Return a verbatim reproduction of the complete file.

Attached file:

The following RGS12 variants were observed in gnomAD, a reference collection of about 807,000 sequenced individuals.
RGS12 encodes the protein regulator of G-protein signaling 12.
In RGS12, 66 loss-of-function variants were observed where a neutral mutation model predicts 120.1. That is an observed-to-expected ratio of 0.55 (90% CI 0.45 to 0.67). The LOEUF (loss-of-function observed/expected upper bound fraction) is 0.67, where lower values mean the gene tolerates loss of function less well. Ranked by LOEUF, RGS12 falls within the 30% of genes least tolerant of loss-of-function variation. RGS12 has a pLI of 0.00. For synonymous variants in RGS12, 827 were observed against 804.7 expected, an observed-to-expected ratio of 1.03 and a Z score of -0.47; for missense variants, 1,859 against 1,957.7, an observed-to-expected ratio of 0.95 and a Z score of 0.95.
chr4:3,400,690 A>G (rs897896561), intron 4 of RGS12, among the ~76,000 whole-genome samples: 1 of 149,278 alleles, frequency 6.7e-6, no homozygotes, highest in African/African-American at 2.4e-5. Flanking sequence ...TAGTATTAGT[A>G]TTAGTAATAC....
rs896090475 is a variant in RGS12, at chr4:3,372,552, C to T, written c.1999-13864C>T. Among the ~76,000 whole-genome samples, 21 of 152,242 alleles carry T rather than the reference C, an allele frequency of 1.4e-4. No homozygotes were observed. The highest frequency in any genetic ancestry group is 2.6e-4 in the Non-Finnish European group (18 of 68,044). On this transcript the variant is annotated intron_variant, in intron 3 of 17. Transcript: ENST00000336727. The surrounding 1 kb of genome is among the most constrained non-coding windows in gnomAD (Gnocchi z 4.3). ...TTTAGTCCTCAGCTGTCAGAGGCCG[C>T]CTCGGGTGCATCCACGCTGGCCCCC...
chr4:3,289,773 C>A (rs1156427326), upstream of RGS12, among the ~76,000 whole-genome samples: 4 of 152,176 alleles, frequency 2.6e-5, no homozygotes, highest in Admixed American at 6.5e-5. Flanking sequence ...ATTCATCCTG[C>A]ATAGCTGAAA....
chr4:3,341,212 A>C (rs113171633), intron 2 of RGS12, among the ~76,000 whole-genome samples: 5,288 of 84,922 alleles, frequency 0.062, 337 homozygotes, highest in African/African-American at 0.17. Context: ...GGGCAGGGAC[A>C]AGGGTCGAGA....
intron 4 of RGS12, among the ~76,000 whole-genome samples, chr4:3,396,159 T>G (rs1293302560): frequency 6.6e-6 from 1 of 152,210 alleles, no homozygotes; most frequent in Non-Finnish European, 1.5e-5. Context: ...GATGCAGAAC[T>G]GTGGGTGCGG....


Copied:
The following RGS12 variants were observed in gnomAD, a reference collection of about 807,000 sequenced individuals.
RGS12 encodes the protein regulator of G-protein signaling 12.
In RGS12, 66 loss-of-function variants were observed where a neutral mutation model predicts 120.1. That is an observed-to-expected ratio of 0.55 (90% CI 0.45 to 0.67). The LOEUF (loss-of-function observed/expected upper bound fraction) is 0.67, where lower values mean the gene tolerates loss of function less well. Ranked by LOEUF, RGS12 falls within the 30% of genes least tolerant of loss-of-function variation. RGS12 has a pLI of 0.00. For synonymous variants in RGS12, 827 were observed against 804.7 expected, an observed-to-expected ratio of 1.03 and a Z score of -0.47; for missense variants, 1,859 against 1,957.7, an observed-to-expected ratio of 0.95 and a Z score of 0.95.
chr4:3,400,690 A>G (rs897896561), intron 4 of RGS12, among the ~76,000 whole-genome samples: 1 of 149,278 alleles, frequency 6.7e-6, no homozygotes, highest in African/African-American at 2.4e-5. Flanking sequence ...TAGTATTAGT[A>G]TTAGTAATAC....
rs896090475 is a variant in RGS12, at chr4:3,372,552, C to T, written c.1999-13864C>T. Among the ~76,000 whole-genome samples, 21 of 152,242 alleles carry T rather than the reference C, an allele frequency of 1.4e-4. No homozygotes were observed. The highest frequency in any genetic ancestry group is 2.6e-4 in the Non-Finnish European group (18 of 68,044). On this transcript the variant is annotated intron_variant, in intron 3 of 17. Transcript: ENST00000336727. The surrounding 1 kb of genome is among the most constrained non-coding windows in gnomAD (Gnocchi z 4.3). ...TTTAGTCCTCAGCTGTCAGAGGCCG[C>T]CTCGGGTGCATCCACGCTGGCCCCC...
chr4:3,289,773 C>A (rs1156427326), upstream of RGS12, among the ~76,000 whole-genome samples: 4 of 152,176 alleles, frequency 2.6e-5, no homozygotes, highest in Admixed American at 6.5e-5. Flanking sequence ...ATTCATCCTG[C>A]ATAGCTGAAA....
chr4:3,341,212 A>C (rs113171633), intron 2 of RGS12, among the ~76,000 whole-genome samples: 5,288 of 84,922 alleles, frequency 0.062, 337 homozygotes, highest in African/African-American at 0.17. Context: ...GGGCAGGGAC[A>C]AGGGTCGAGA....
intron 4 of RGS12, among the ~76,000 whole-genome samples, chr4:3,396,159 T>G (rs1293302560): frequency 6.6e-6 from 1 of 152,210 alleles, no homozygotes; most frequent in Non-Finnish European, 1.5e-5. Context: ...GATGCAGAAC[T>G]GTGGGTGCGG....